They often visit us in the morning, their dun coats shifting through the dappled light. They graze in the woods, stepping delicately over fallen branches. To rest, they fold their legs gracefully beneath them, settle into the leaves and disappear. Sometimes from the south window, we see several new tan boulders on the hillside. We call them the ladies. No refined Victorian ever had such elegance.
White-tailed deer (Odocoileus virginianus) are liminal creatures, foraging in timber glades and along the wooded edges of streams, most active at dawn and twilight. They mate in the fall, to the peril of motorists. Fawns are born in spring and make their first timid visits to us around midsummer. Their home range is relatively small. We see the same families from year to year.
They browse in my garden. They mow the liriope foliage during the winter, and they forage for the first sweet crocus blossoms. I’ve learned not to bother trying to grow lilies or hosta; the succulent salad bar they provide is too appealing. Two spotted fawns pruned my bell peppers one year. They returned the next year, larger and still hungry.
Even supposedly deer-proof plants attract a few individuals. For several years the same doe methodically devoured the toxic camassia before it could bloom. I planted coral bells near the driveway and found the uprooted plant tossed aside the next morning. I replanted it and found it yanked up again the next day. This went on for almost a week before the deer lost interest.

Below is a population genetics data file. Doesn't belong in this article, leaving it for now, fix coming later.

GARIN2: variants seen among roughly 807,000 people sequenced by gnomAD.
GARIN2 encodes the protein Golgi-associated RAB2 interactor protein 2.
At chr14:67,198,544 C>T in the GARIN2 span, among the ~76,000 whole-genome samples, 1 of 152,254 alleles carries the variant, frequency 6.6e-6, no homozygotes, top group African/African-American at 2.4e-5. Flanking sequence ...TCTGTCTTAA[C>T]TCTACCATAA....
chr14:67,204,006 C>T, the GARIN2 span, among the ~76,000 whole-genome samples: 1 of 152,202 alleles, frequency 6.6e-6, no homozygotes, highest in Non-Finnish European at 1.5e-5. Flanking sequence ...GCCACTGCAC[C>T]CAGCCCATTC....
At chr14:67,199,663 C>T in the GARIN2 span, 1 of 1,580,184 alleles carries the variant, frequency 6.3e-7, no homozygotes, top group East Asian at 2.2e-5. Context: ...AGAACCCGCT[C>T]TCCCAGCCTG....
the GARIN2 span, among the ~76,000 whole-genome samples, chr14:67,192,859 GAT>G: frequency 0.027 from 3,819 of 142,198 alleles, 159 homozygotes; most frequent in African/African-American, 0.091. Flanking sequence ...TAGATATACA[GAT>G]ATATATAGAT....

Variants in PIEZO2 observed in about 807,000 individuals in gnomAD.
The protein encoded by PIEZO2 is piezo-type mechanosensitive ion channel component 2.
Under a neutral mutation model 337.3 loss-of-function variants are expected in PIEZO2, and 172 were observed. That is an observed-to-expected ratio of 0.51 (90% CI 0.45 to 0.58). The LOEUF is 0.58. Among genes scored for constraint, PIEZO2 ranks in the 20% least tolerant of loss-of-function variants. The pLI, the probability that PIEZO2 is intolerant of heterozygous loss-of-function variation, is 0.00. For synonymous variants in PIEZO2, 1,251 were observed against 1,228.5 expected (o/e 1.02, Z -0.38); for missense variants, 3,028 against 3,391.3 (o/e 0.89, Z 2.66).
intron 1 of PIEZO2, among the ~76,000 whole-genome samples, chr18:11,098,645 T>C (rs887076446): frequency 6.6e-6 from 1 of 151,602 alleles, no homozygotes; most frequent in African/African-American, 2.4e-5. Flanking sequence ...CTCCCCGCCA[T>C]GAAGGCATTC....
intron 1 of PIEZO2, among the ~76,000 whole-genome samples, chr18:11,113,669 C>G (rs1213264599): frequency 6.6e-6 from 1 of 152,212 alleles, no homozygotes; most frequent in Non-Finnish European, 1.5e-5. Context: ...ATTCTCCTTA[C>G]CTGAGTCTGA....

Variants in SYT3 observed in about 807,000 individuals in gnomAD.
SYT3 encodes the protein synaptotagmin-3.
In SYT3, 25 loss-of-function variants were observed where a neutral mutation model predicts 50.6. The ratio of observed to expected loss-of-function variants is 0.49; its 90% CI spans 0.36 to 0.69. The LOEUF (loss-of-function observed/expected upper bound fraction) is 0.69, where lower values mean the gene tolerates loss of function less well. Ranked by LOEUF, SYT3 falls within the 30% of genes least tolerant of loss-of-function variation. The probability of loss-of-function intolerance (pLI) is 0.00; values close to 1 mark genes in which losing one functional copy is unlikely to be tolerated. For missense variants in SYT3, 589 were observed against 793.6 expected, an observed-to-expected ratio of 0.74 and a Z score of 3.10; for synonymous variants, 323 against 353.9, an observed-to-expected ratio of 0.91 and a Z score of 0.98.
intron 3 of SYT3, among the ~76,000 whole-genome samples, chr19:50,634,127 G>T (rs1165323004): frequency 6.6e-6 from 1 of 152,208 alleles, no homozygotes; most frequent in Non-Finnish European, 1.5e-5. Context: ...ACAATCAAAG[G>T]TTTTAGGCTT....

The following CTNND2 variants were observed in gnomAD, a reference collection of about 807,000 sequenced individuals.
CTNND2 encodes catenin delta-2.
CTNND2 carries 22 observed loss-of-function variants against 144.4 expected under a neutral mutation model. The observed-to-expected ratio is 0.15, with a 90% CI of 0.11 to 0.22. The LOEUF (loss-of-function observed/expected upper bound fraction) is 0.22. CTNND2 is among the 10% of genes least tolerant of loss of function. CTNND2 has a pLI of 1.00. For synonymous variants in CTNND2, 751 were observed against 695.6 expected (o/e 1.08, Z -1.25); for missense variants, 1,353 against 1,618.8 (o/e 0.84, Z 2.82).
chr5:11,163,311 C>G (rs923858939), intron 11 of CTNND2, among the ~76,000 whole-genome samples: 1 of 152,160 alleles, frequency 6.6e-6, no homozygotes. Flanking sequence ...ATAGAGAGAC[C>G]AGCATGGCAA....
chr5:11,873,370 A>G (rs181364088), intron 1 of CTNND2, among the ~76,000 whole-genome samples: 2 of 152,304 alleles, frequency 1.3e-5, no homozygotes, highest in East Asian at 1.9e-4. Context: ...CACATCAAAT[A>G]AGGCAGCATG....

At twilight, the deer emerge to glean leftover sunflower seeds under the bird feeder. One clever lady learned to slip her slender tongue into the port and tease out the seeds. She taught her daughters the trick. They can empty a bird feeder in half an hour. A friend suggested offering them cornmeal. The ladies found it a fine supplement for sunflower seeds. Now five of them show up to feast together.
If I’m lucky, I meet them when I walk the timber. I follow their trails along the hillside. I stalk them with my camera. They are cautious but not afraid of me. If I come too close, the nearest does will flip their white tails, kick up their heels, leap a short way down the hill and settle to graze again. One deer stays on watch, ears pointed, eyes wide. Sometimes she stamps her hoof to warn me away.
Among the Kanza Indians, the Deer clan served as heralds and messengers. They made sure everyone knew where to make a new camp or how a buffalo hunt would be organized. Some clan names described white tail appearance and behavior with precise detail: Gray Back, Tail Shows Whitish Suddenly, Dark Breast, Hawk Eyes, Steps Softly, Jumps Suddenly, Stands Ahead of the Others, Without a Plan.
Deer are caretakers of the earth in many native traditions. They give themselves to the people as food. They lick things into their proper shapes. They appear when you need to see them, to remind you of who you are, where you belong. They are messengers, heralds from other worlds, telling us where to find our sustenance, our people, our home. They tell us when it is time to move on.
To catch sight of a deer standing motionless between the branches is to encounter the goddess. Artemis had groves and temples in liminal settings, places that opened the way between worlds, neither here nor there but elsewhere. When I meet her ladies, I stop what I’m doing and catch my breath. My heart lifts. She pulls me out of time and into sacred space. I thank her with a sacrifice of flowers and foliage, an offering of cornmeal.